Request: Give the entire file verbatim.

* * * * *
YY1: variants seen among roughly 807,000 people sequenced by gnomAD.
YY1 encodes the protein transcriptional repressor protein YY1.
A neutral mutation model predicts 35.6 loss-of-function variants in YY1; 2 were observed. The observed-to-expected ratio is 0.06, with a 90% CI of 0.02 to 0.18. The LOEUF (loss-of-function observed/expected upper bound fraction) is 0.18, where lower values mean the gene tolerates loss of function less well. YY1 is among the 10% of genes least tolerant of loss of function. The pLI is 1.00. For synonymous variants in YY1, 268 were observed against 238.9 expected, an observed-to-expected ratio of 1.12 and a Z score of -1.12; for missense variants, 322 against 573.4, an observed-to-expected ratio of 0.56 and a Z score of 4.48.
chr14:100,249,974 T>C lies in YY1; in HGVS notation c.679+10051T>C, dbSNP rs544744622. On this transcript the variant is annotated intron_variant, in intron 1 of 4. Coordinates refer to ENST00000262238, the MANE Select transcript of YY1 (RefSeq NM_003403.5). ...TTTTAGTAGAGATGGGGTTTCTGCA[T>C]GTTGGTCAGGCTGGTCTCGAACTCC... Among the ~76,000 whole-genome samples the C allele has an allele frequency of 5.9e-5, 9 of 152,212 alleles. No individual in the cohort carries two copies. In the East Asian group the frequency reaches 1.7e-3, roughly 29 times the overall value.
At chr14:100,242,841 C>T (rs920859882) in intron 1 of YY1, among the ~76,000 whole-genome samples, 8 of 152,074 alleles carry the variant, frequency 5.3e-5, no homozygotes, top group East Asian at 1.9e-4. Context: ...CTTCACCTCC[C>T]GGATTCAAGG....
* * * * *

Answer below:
YY1: variants seen among roughly 807,000 people sequenced by gnomAD.
YY1 encodes the protein transcriptional repressor protein YY1.
A neutral mutation model predicts 35.6 loss-of-function variants in YY1; 2 were observed. The observed-to-expected ratio is 0.06, with a 90% CI of 0.02 to 0.18. The LOEUF (loss-of-function observed/expected upper bound fraction) is 0.18, where lower values mean the gene tolerates loss of function less well. YY1 is among the 10% of genes least tolerant of loss of function. The pLI is 1.00. For synonymous variants in YY1, 268 were observed against 238.9 expected, an observed-to-expected ratio of 1.12 and a Z score of -1.12; for missense variants, 322 against 573.4, an observed-to-expected ratio of 0.56 and a Z score of 4.48.
chr14:100,249,974 T>C lies in YY1; in HGVS notation c.679+10051T>C, dbSNP rs544744622. On this transcript the variant is annotated intron_variant, in intron 1 of 4. Coordinates refer to ENST00000262238, the MANE Select transcript of YY1 (RefSeq NM_003403.5). ...TTTTAGTAGAGATGGGGTTTCTGCA[T>C]GTTGGTCAGGCTGGTCTCGAACTCC... Among the ~76,000 whole-genome samples the C allele has an allele frequency of 5.9e-5, 9 of 152,212 alleles. No individual in the cohort carries two copies. In the East Asian group the frequency reaches 1.7e-3, roughly 29 times the overall value.
At chr14:100,242,841 C>T (rs920859882) in intron 1 of YY1, among the ~76,000 whole-genome samples, 8 of 152,074 alleles carry the variant, frequency 5.3e-5, no homozygotes, top group East Asian at 1.9e-4. Context: ...CTTCACCTCC[C>T]GGATTCAAGG....